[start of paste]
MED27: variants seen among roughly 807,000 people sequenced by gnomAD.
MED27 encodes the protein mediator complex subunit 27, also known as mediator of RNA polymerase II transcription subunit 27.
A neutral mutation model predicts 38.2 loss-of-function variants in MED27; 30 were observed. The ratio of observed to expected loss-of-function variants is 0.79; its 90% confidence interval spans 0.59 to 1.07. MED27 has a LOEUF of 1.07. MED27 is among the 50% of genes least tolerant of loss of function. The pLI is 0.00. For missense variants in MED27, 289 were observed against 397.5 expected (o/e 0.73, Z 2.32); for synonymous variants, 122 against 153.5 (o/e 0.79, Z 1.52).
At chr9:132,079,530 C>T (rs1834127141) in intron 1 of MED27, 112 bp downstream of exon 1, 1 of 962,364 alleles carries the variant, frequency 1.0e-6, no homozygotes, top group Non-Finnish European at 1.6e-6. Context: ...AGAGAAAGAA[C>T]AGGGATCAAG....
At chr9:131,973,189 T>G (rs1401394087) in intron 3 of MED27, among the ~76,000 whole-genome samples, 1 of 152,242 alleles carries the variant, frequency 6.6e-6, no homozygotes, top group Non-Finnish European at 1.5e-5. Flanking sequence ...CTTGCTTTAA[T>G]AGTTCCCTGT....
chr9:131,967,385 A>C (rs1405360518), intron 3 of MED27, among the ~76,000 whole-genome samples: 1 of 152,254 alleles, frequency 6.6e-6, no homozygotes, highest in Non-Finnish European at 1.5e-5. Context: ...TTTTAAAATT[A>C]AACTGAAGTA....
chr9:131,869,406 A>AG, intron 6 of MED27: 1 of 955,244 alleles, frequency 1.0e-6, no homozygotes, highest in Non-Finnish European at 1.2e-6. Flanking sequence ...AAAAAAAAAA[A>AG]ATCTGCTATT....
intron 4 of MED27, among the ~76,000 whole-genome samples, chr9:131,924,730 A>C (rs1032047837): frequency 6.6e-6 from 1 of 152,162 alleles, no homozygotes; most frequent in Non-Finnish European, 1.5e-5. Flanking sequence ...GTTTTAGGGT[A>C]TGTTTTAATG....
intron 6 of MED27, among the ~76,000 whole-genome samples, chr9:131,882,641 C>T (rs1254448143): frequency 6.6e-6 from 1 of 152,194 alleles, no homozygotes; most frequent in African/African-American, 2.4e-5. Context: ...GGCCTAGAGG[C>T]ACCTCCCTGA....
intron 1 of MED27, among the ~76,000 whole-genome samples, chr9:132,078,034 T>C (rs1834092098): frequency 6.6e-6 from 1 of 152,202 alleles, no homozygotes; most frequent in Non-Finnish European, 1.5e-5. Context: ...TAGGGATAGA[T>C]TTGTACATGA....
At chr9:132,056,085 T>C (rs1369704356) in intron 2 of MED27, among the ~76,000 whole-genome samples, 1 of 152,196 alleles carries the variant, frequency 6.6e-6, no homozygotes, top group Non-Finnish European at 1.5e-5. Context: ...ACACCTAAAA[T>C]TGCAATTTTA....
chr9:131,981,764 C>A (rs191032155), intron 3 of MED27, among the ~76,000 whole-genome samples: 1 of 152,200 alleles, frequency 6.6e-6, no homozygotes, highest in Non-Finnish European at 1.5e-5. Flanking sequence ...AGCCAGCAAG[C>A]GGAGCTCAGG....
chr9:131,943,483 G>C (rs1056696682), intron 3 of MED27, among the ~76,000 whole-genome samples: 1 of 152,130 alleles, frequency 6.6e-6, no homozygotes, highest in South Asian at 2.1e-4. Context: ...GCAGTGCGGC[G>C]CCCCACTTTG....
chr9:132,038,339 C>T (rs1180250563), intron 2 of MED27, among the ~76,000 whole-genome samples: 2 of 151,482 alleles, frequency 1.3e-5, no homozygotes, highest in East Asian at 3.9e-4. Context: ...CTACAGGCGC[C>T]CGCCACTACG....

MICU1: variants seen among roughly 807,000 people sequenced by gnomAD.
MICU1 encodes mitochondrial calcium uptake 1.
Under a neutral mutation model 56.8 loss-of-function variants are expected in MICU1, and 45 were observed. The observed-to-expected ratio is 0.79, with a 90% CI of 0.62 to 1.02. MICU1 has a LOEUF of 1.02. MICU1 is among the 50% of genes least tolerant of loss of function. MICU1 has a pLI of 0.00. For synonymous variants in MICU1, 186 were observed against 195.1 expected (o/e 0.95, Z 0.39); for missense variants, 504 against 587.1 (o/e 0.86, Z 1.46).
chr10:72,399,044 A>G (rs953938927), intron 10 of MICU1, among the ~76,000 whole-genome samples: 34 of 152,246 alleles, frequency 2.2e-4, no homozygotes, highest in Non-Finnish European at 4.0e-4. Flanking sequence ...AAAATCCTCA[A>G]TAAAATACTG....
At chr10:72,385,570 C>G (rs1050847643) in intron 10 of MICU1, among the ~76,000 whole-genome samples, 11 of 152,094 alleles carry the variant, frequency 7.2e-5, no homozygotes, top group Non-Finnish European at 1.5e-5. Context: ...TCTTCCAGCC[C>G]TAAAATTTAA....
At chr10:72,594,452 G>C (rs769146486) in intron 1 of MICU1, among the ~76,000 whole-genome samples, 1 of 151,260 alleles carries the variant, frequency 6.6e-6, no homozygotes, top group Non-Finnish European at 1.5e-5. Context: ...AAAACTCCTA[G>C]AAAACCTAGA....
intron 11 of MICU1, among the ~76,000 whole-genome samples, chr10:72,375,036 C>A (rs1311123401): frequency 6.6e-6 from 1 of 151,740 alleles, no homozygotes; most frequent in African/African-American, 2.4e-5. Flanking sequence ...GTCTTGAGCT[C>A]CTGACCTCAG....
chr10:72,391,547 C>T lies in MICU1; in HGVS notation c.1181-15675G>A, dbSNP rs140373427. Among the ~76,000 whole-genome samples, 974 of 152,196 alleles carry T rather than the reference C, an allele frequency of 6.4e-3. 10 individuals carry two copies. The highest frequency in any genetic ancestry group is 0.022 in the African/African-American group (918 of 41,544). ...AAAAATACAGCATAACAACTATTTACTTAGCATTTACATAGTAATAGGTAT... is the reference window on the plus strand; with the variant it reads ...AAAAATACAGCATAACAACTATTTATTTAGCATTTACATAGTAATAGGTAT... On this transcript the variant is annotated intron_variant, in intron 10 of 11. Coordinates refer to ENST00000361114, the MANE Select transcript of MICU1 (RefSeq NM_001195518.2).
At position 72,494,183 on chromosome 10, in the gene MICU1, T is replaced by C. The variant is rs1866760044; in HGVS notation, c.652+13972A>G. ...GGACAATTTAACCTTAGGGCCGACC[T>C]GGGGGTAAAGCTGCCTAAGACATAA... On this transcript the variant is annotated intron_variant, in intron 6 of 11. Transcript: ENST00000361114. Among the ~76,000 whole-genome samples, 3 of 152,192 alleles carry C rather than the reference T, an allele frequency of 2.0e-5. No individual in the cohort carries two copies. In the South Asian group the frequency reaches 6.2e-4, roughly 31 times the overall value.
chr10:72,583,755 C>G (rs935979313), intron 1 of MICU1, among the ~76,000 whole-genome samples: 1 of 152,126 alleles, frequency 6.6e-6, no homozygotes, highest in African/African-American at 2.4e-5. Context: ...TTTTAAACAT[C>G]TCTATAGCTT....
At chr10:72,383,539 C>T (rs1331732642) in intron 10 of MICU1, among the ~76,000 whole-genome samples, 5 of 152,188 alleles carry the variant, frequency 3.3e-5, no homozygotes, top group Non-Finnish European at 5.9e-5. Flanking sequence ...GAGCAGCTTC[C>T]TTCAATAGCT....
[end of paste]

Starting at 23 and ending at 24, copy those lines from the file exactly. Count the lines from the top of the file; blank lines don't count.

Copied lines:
At position 72,494,183 on chromosome 10, in the gene MICU1, T is replaced by C. The variant is rs1866760044; in HGVS notation, c.652+13972A>G. ...GGACAATTTAACCTTAGGGCCGACC[T>C]GGGGGTAAAGCTGCCTAAGACATAA... On this transcript the variant is annotated intron_variant, in intron 6 of 11. Transcript: ENST00000361114. Among the ~76,000 whole-genome samples, 3 of 152,192 alleles carry C rather than the reference T, an allele frequency of 2.0e-5. No individual in the cohort carries two copies. In the South Asian group the frequency reaches 6.2e-4, roughly 31 times the overall value.
chr10:72,583,755 C>G (rs935979313), intron 1 of MICU1, among the ~76,000 whole-genome samples: 1 of 152,126 alleles, frequency 6.6e-6, no homozygotes, highest in African/African-American at 2.4e-5. Context: ...TTTTAAACAT[C>G]TCTATAGCTT....